Also known as the “impalement arts,” throwing knives at a human target dates back to the 1st century and has been commonly seen in vaudeville acts, carnivals, and circus sideshows. This great art is still practiced today. The Great Throwdini is currently the fastest and most famous impalement artist in the world!
A common myth about impalement art is that the knives really aren’t being thrown and are instead hidden under the knife thrower’s sleeve as a rigged board springs up with knives along the human target. This is actually false. Knife throwers are really throwing those knives and there is definitely some real danger involved. Typically, the one in danger is a beautiful woman:
But that’s not always the case…
Anyone who has ever watched “Wonder Showzen” will be familiar with this cute little cherub-faced girl having knives thrown at her in the intro. This footage comes from a 50’s knife throwing act where Louella Gallagher, a Texas mother, would throw knives at her 5 and 2 1/2 year-old daughters: Connie Ann & and Colleena Sue. This newsreel of this 50’s knife throwing family is a great vintage gem.
The Gallaghers weren’t the only child-target impalement art acts, there was also Florence Shufflebottom, who not only practiced knife throwing, but also sharpshooting and snake charming.
If you’re a fan of vintage carnivals, this BBC documentary, which features an interview with Florence Shufflebottom (damn that’s a great name) is terrific! It has loads of great carnival footage and history.
Until next time Bizarros!
17 days until Halloween!
Time for a bit of weird history and the sad tale of a stinky vampire by the name of Cuntius…
Via Alpha History
In 1582 residents in a village in Silesia complained of visitations from a bad-breathed vampire named Cuntius. Before joining the ranks of the undead, Johannes Cuntius had been a respected citizen and aldermen in Pentsch. In February 1582 Cuntius was fatally injured after being kicked by one of his “lusty geldings”. Before expiring Cuntius lingered for several days, complaining of ghostly visions and feeling like he was on fire. According to one witness, at the moment of his death a black cat entered the room and jumped onto his bed. As befitted his civic status, Cuntius was entombed near the altar of his local church. But within a few days several townspeople reported receiving visits from the dead man. All described a “most grievous stink” and “an exceedingly cold breath of so intolerable stinking and malignant a scent as is beyond all imagination and expression”. A whole litany of annoyances and harassments was attributed to the vampire, including accusations of:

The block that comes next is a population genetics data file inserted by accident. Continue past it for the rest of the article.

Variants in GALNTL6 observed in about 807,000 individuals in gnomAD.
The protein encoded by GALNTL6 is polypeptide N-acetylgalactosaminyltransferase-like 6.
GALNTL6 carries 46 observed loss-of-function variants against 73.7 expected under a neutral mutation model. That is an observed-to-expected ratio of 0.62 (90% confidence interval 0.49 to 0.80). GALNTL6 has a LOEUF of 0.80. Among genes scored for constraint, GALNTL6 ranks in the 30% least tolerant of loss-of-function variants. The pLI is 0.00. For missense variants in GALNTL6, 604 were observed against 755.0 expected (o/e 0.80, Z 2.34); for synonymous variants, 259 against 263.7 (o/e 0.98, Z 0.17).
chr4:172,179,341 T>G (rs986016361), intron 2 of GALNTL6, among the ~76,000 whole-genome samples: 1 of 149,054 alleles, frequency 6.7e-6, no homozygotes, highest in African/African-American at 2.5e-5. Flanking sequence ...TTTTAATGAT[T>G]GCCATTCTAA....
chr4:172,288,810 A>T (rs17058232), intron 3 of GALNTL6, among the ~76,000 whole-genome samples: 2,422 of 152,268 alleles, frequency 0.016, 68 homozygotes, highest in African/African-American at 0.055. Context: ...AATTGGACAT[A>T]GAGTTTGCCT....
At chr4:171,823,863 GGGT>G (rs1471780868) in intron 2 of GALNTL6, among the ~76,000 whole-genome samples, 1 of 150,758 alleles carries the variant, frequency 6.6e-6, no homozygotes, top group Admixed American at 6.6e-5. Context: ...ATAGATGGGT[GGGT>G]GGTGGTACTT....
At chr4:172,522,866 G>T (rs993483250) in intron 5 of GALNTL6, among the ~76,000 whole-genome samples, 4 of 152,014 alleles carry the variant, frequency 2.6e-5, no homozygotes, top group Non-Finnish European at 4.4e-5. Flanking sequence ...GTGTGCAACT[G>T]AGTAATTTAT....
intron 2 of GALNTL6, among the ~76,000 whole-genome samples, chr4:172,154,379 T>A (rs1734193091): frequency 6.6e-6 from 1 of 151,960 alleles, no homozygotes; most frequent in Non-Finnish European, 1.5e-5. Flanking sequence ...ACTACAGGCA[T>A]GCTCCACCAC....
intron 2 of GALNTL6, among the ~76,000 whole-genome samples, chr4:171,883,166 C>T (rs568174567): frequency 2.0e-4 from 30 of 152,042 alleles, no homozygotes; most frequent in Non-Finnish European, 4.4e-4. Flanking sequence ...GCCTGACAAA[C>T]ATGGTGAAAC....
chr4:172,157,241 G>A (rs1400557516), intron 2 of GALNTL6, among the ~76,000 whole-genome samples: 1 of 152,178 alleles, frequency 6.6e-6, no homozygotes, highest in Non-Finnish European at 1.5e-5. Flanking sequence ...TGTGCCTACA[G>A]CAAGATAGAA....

“…Galloping up and down like a wanton horse in the court of his house… Miserably tugging all night with a Jew [and] tossing him up and down in his lodgings… dreadfully accosting a wagoner, an old acquaintance of his, while he was busy in the stable [and] biting him so cruelly in the foot that he made him lame… [Entering a] master’s chamber, making a noise like a hog that eats grains, smacking and grunting very sonorously…”
The people of Pentsch tolerated these nocturnal visits until late July, when they resolved to exhume Cuntius’ coffin and deal with his wandering corpse. They found that his:
“…skin was tender and florid, his joints not at all stiff but limber and moveable… a staff being put into his hand, he grasped with his fingers… they opened a vein in his leg and the blood sprang out fresh as in the living.”
After a brief judicial hearing Cuntius’ body was thrown onto a bonfire and burned, then hacked to pieces and crushed to ashes. As might be expected, the spirit of Cuntius ceased its nocturnal visits. By coincidence, the village of Pentsch became the town of Horni Benesov – the ancestral home of US Secretary of State John Kerry.
Source: Various inc. Henry More, An Antidote against Atheism (Book III), 1655.